Paul Lojeski: “Dear Frank”

Dear Frank

You’ve been dead 6 years.
What, you can’t call?
Can’t write? Can’t
knock in the middle
of night? Come on,
man. Bro, I need a
hand, some consolation.
You hear me? Will
you meet me on that
bright hill, Brother?
A hug for posterity?
One last laugh before
the hammer falls? I
know you can do it,
Frank. This favor is
all I’ve ever asked
for. Greet me one last
time at the crossroads.
Don’t let me weep
alone in this darkness.

Paul Lojeski was born and raised in Lakewood, Ohio. His poetry has appeared online and in print. He lives in Port Jefferson, NY.

Ken Poyner: “Return”


The old haunted house, the legion of dares, the field of fumbling sweet encounters.  One long line of:  dare you to stand on the porch; dare you to throw a rock; dare you to set eyes around the missing front door; dare you to leap into the living room: to shout, to possibly, prayerfully, get Lindsey to be with you inside, to be the ghost of your imagination.  Lindsey:  blonde hair, a bevy of clasps and buttons and fingers of cloth and bungling buckles and hooks and opportunity and processes.  Go ahead.  Drag the old mattress found inviting on the dust and broken glass of a second-floor bedroom down the stairs to make it even more brazenly inviting.  You are not scared, are you?  The stairs creak and would have been at one time the base of stalking monsters, the heavy ghosts of former residents.  Outside, boys the age you were seemingly moments ago get to the porch, throw a rock through paneless window, push a face mere inches inside the door, invade briefly the living room, shouting as you and Lindsey stand barely hand in hand achieving nothing, uncertain what could be achieved, the mattress stained and flat on one side, an artifact, a remnant of the glories in the onetime-lives of those who now haunt this place.  As simple as the memory, years ahead, of what could have been done but was not, your inabilities coiled suspiciously and hauntingly around you.  Listen for clues.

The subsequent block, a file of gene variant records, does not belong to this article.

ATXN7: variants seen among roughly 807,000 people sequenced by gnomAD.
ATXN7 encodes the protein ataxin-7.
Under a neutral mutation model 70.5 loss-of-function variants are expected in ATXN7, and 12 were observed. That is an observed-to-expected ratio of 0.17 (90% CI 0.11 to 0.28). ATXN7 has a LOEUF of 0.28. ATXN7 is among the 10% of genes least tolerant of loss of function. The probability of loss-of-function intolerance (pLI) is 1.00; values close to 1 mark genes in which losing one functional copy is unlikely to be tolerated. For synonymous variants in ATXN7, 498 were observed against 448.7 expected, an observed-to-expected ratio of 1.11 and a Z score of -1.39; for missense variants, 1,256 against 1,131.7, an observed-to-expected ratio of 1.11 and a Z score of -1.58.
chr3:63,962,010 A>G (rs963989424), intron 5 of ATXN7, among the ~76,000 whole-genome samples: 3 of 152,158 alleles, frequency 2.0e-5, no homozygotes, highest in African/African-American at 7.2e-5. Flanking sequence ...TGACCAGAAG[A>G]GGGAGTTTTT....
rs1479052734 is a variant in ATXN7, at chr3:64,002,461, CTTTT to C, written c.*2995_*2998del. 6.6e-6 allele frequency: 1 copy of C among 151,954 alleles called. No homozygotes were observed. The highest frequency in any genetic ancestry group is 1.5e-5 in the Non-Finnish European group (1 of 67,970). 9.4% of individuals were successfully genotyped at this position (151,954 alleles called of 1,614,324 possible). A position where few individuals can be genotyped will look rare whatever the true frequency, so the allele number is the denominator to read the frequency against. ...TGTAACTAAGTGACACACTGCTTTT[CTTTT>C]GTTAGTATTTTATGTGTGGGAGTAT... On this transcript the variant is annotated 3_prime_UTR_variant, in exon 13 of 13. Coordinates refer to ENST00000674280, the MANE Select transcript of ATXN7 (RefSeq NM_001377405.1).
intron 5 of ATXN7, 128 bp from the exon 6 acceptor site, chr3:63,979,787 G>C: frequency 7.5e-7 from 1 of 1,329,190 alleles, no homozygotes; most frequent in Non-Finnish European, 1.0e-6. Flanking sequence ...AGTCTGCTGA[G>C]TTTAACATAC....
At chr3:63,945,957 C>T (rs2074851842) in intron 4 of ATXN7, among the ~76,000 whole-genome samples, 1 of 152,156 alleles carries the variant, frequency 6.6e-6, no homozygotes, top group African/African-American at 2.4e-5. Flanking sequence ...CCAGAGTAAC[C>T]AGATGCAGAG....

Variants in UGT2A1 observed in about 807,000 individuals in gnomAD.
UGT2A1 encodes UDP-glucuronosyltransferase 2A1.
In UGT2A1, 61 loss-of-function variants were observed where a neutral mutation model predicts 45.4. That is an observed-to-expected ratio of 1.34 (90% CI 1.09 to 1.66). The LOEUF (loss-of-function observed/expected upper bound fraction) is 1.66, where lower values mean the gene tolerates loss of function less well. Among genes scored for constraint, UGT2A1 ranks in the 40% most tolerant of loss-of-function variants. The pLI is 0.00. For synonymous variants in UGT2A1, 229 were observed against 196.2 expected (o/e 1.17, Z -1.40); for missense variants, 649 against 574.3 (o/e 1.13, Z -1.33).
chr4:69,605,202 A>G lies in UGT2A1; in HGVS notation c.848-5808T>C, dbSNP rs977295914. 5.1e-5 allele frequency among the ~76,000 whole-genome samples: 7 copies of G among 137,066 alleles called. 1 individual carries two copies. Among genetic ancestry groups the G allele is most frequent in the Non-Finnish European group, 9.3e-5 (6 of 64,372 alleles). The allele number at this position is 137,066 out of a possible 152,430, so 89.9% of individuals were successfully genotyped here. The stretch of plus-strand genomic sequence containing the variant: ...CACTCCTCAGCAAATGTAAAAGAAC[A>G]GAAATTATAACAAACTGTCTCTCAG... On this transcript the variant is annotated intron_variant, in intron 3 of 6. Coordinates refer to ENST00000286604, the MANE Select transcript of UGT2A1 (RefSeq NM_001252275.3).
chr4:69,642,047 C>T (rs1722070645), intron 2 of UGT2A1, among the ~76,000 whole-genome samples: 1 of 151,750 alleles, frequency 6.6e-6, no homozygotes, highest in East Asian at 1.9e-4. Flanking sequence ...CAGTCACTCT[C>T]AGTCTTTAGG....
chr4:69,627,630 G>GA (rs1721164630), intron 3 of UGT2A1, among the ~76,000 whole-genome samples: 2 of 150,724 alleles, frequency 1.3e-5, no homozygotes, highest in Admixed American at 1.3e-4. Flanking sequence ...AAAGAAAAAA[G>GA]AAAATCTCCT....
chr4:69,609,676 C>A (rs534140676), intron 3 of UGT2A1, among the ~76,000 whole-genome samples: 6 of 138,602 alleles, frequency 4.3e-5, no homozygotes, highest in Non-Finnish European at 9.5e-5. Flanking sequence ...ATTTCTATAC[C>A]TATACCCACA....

Ken Poyner’s four collections of flash fiction and four of speculative poetry are available from most web booksellers. He was an information warrior for thirty-three years, and now supports full time his wife’s powerlifting. Recent work has appeared in Analog, Café Irreal, Rune Bear, and Tiny Molecules.

Jack Galmitz: “Listen”


We’re introduced
and engage in small talk–
String Quartet, Op. 4.

All the score:
the notes in each bar,
the articulation, the tone;
we have so much
to learn from one

We listen closely.
More than once.
We watch the night
paint surfaces and we
take notes.

What more can we do?
The music becomes richer,
more precise as we draw
closer than before.

Jack Galmitz was born in 1951 in New York City. He attended the public schools from which he graduated. His poems and stories have been published in various journals, including Otoliths, Synchronized Chaos, and noon: a journal of the short poem. He lives with his wife in Queens, New York.

Danielle Hanson: Two Poems


Let me leave my words
on the street to raise themselves.
Let them ferment like fallen fruit—
let the rats get drunk on them,
let them scatter.
Carve my name on the ice of a river;
watch while it melts—let it be
carried to the sea and join the currents.
Let me bury my memories just before
the water breeches the levee.
Let the coffins be unearthed in the flood.
Let my immortality be quiet, insidious.